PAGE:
Last year, U.S. Immigration and Customs Enforcement (ICE) released close to 13,000 undocumented immigrants as a result of prosecutorial discretion, a recently issued report from the Department of Homeland Security’s (DHS) Office of the Inspector General (OIG) has found.
This report, entitled DHS Missing Data Needed to Strengthen its Immigration Enforcement Efforts, has pointed out that the DHS has failed to compile and evaluate data on its policies related to prosecutorial discretion – despite having promised to carry this out in the past.
What is Prosecutorial Discretion?
According to this report, prosecutorial discretion is the process of “deciding to what extent [the DHS] will enforce immigration laws, including whether to place aliens in or take them out of the removal process.”
Typically, this policy comes into play when assessing immigration enforcement priorities, particularly when it comes to immigrants who do not pose an immediate threat to the U.S.
A Closer Look at the Report’s Findings
In revealing the lack of data on the use of prosecutorial discretion, this report specifically pointed out that the DHS needs to be moving towards greater transparency – especially regarding its data related to deportations and removals. The goal should be to promote public confidence in DHS’ immigration enforcement activities while establishing that the continued investment of taxpayer funds is important and necessary to ongoing operations.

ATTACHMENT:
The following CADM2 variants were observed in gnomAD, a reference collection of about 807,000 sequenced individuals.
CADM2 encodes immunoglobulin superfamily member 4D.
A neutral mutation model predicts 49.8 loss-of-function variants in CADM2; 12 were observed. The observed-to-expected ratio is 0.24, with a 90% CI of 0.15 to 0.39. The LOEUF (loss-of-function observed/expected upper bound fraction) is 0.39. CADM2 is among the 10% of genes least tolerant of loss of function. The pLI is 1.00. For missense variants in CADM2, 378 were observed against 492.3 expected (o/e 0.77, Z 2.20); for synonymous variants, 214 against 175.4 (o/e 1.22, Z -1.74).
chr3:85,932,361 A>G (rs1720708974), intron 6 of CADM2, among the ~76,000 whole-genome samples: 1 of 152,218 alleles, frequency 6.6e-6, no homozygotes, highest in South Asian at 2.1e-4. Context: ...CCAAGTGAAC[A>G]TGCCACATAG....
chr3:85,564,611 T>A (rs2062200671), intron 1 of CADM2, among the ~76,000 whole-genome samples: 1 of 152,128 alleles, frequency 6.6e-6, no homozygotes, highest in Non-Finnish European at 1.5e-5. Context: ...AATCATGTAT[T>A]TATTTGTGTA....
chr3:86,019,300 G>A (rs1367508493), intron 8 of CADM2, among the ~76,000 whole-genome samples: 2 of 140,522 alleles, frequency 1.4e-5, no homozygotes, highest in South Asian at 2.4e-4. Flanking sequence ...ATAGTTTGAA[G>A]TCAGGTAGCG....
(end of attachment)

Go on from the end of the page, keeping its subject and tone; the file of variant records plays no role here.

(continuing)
Specifically, the report’s conclusion stated:
Over the past 2 fiscal years, ICE, CBP, and USCIS collectively received, on average, about $21 billion annually. Given its significant investment, as well as its reliance on prosecutorial discretion to focus on its resources, DHS should fully assess its policies and decisions about immigration enforcement to ensure it is using Government funds as efficiently as possible.
The Recommendations & Next Steps…
According to the report, the OIG is recommending that the DHS Office of Policy “develop and implement a plan to collect, analyze and report data on the use of prosecutorial discretion to assess immigration enforcement activities and improve policy.”
The DHS reportedly has agreed with the OIG’s recommendations, indicating that it will develop a “multi-pronged approach to assessing and accounting for DHS immigration enforcement efforts.”
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